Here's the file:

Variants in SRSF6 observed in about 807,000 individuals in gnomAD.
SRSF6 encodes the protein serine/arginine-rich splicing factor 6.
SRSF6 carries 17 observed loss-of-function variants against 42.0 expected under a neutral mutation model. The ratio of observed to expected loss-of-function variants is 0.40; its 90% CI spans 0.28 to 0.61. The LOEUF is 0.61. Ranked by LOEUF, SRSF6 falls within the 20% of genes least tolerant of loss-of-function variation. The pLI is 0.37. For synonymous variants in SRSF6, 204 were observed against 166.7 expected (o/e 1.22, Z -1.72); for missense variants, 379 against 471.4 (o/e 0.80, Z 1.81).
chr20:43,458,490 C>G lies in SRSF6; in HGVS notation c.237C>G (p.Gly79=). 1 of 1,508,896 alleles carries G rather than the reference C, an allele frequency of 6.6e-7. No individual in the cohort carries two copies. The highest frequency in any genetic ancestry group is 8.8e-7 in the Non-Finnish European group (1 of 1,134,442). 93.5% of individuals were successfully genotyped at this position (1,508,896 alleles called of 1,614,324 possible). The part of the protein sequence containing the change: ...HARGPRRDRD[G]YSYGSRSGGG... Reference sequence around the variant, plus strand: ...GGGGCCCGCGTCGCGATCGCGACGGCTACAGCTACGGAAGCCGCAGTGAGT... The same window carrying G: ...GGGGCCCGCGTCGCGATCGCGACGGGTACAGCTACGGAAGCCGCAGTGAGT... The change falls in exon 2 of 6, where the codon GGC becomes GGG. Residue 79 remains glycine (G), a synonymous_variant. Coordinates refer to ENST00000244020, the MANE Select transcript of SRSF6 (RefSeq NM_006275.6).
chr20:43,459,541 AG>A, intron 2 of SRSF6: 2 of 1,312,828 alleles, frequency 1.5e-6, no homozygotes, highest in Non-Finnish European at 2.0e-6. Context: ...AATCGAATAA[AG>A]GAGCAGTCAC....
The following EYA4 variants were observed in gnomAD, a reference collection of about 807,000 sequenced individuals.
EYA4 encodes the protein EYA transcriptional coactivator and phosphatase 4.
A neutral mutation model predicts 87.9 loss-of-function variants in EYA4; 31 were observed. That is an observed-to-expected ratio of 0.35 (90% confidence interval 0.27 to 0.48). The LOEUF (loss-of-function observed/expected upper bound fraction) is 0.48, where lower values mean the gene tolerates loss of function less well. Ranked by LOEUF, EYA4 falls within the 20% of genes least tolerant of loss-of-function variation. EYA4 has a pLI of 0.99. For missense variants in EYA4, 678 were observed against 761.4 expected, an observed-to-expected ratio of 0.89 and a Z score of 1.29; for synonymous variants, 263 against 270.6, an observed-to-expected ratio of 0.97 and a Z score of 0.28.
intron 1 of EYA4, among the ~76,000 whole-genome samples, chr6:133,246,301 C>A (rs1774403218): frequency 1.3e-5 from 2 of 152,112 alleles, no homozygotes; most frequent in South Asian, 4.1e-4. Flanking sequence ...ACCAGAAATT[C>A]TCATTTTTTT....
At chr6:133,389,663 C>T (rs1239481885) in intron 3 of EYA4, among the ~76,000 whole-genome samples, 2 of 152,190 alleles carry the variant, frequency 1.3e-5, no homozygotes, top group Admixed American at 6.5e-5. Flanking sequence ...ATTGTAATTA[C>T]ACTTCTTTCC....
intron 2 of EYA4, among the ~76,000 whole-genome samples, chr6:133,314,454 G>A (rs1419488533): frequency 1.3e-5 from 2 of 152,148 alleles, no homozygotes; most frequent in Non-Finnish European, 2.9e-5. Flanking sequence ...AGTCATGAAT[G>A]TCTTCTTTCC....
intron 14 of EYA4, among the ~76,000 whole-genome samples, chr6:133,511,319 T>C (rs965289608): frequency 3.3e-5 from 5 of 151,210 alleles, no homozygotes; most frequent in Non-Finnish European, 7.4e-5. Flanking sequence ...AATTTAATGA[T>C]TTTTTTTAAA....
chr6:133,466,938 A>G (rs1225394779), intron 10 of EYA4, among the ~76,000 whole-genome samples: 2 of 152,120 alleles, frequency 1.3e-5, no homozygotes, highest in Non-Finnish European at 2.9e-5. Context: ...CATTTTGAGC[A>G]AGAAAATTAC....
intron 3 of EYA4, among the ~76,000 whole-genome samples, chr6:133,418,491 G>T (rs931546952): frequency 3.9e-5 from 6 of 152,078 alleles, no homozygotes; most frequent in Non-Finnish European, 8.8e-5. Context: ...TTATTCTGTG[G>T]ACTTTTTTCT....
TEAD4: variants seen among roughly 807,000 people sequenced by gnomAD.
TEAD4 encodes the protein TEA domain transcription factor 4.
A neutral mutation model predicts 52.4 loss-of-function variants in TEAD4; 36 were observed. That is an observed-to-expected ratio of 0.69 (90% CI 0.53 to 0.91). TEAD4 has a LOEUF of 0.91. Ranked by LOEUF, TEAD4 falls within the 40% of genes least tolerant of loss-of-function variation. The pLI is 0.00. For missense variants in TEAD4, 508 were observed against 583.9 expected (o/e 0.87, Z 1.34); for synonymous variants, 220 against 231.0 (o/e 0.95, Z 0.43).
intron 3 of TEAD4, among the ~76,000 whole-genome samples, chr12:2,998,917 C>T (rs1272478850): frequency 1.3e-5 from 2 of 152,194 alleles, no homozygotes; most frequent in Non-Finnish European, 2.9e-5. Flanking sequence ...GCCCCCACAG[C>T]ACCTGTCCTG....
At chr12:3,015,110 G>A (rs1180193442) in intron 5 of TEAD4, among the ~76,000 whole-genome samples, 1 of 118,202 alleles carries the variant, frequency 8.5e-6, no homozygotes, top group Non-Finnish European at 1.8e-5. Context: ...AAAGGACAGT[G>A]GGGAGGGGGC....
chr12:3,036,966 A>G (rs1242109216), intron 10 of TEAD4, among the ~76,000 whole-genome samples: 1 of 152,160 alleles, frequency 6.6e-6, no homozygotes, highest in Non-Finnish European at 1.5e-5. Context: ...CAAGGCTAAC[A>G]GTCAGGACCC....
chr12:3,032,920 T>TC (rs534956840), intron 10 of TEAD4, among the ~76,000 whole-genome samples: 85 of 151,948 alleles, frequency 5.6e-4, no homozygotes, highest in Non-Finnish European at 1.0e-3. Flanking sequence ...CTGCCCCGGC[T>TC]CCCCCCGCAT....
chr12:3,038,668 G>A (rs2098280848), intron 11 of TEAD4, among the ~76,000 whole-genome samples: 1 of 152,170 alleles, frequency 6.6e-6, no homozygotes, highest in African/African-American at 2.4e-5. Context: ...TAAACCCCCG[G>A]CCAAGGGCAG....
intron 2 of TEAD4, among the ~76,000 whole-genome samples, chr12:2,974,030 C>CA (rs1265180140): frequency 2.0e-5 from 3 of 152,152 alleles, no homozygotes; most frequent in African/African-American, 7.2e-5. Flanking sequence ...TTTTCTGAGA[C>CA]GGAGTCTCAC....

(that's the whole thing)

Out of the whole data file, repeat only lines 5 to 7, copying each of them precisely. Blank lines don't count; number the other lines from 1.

chr20:43,459,541 AG>A, intron 2 of SRSF6: 2 of 1,312,828 alleles, frequency 1.5e-6, no homozygotes, highest in Non-Finnish European at 2.0e-6. Context: ...AATCGAATAA[AG>A]GAGCAGTCAC....
The following EYA4 variants were observed in gnomAD, a reference collection of about 807,000 sequenced individuals.
EYA4 encodes the protein EYA transcriptional coactivator and phosphatase 4.